Most clear plastic bottles are made from the polyester, poly(etheneterephthalate), or PET(1). Triangular arrows surrounding the number 1 stamped on the bottle identify the plastic as PET. High-density poly(ethene), HDPE, is used to make milk bottles (number 2 in the recycling symbol). The caps and rings that keep the bottles’ content fresh or fizzy are made from poly(propene), PP. Like all plastics, PET, HDPE and PP are polymers – their molecules are long chains made from repeating units of smaller molecules. In the case of PET the repeating unit is ethane terephthalate; in HDPE it is ethene (2), and in PP is propene (3).
A large amount of plastic waste is shipped abroad, often to Asia, where it is processed to be re-used in low-grade products like fibres for clothing, carpets or plastic strapping. Some of it, PET in particular, is made back into bottles at plants like Closed Loop Recycling (CLR), in Dagenham, Essex. Used plastic bottles arrive at CLR in bales weighing about 500 kg and containing around 12 500 plastic bottles, along with items like carrier bags, yoghurt pots, and cans.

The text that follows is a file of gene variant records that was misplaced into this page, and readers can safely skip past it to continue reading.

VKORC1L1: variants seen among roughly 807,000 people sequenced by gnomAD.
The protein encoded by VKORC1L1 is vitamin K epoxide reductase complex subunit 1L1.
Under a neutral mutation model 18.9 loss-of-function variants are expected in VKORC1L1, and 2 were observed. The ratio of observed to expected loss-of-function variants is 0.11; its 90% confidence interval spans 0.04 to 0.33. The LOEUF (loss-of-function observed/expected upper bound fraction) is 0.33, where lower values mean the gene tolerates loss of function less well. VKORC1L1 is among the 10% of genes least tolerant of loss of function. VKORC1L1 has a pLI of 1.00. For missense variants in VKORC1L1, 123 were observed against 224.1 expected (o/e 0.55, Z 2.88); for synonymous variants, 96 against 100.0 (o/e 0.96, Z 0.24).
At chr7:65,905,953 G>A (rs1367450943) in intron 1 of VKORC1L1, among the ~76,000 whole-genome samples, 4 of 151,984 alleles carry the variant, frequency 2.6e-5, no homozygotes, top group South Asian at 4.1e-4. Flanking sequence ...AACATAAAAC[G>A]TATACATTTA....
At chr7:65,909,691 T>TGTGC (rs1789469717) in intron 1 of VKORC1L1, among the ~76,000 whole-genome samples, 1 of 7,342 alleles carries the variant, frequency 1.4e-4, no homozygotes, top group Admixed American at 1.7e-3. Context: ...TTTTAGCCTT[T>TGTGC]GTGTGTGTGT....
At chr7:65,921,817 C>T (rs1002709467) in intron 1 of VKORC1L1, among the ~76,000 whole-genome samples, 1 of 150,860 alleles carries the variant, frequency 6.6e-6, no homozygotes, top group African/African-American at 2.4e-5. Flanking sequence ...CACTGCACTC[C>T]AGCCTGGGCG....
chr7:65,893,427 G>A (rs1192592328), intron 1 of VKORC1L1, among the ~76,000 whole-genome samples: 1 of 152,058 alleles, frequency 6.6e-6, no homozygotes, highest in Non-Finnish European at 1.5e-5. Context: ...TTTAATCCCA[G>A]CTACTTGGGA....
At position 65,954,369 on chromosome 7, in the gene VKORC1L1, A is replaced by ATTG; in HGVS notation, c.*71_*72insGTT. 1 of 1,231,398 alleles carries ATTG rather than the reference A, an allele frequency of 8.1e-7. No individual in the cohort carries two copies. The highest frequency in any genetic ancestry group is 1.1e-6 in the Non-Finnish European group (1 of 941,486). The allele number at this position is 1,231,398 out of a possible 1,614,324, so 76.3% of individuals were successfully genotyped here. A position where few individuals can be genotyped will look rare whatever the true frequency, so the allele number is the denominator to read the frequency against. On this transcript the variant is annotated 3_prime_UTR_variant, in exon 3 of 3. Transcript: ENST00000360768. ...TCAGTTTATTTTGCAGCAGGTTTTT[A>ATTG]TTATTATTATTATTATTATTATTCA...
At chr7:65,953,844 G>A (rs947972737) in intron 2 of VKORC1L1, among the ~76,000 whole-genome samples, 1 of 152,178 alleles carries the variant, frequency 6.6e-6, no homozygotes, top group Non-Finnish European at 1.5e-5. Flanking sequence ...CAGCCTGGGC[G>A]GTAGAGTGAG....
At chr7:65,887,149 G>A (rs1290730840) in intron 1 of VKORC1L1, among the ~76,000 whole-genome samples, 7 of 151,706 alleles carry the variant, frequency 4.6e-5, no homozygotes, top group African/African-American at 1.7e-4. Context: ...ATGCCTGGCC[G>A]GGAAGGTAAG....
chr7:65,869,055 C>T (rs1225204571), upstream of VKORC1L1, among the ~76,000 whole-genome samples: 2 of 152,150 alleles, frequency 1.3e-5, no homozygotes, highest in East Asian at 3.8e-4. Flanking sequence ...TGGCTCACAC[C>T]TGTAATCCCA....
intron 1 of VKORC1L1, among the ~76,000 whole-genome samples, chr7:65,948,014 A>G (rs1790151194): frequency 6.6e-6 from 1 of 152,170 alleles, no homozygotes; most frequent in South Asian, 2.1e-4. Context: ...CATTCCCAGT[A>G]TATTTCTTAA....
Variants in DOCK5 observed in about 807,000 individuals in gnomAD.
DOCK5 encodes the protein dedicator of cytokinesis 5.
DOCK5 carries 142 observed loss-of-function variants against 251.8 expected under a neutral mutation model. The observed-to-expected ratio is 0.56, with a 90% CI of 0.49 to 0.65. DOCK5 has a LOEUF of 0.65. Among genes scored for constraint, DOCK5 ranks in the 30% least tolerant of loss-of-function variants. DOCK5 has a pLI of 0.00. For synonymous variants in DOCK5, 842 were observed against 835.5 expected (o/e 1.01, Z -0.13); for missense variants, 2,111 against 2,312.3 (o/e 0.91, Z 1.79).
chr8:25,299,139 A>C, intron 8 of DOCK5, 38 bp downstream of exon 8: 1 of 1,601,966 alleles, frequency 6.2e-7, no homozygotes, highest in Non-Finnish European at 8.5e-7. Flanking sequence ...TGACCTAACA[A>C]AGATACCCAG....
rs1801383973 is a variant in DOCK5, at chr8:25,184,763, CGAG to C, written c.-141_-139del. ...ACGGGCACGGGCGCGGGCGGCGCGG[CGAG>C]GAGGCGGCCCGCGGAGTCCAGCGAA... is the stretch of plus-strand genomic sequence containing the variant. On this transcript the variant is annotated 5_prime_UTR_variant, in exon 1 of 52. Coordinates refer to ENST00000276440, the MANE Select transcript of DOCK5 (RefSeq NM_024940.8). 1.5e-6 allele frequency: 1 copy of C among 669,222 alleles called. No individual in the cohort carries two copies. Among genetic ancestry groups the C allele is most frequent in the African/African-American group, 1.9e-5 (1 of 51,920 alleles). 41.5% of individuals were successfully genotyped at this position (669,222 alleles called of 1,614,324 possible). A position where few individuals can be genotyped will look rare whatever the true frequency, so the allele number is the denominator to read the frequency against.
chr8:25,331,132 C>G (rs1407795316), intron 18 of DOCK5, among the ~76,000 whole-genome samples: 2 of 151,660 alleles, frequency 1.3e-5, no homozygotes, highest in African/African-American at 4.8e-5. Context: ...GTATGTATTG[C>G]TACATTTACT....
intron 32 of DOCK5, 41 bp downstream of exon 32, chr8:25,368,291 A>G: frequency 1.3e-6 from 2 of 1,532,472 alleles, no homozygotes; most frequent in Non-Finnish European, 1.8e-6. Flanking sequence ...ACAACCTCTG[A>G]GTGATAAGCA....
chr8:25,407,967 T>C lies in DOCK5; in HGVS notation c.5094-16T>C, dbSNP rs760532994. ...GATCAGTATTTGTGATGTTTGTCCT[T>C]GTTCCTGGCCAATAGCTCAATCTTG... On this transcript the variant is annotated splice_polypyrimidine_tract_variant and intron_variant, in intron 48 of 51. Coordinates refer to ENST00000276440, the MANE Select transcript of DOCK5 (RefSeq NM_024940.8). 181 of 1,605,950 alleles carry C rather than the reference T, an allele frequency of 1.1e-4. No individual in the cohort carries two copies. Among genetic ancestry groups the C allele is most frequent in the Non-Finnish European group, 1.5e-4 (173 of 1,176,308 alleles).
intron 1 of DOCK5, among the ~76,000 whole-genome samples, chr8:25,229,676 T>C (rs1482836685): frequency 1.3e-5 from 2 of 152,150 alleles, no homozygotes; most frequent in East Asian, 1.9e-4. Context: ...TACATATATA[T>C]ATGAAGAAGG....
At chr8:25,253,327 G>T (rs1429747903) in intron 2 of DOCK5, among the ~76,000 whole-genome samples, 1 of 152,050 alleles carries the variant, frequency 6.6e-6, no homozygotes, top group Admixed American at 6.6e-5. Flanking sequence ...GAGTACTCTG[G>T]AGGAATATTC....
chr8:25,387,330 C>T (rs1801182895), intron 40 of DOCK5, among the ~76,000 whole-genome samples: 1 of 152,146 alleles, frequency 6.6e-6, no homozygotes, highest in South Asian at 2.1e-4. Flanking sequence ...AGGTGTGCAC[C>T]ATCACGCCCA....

The contents of the bales have to be sorted because failure to separate the plastics will cause problems with the end product. Nick Cliffe, marketing manager at CLR, singles out polyvinyl chloride, PVC, poly(chloroethene) (4) as the main ‘headache substance’ for CLR. PVC is commonly used in blister packaging for batteries as well as in plastic pipes, and as Cliffe says ‘has similar properties and looks like PET to the naked eye, but it blackens at 200 °C’. A tiny black speck in a recycled PET bottle, he explains, will weaken it so much it could explode when filled with fizzy drink, and just one PVC bottle in a batch of 10 000 PET bottles could ruin the entire batch. Separating all the different types plastic is a challenge, but CLR has found that the solution lies in exploiting the chemical differences between the different polymers.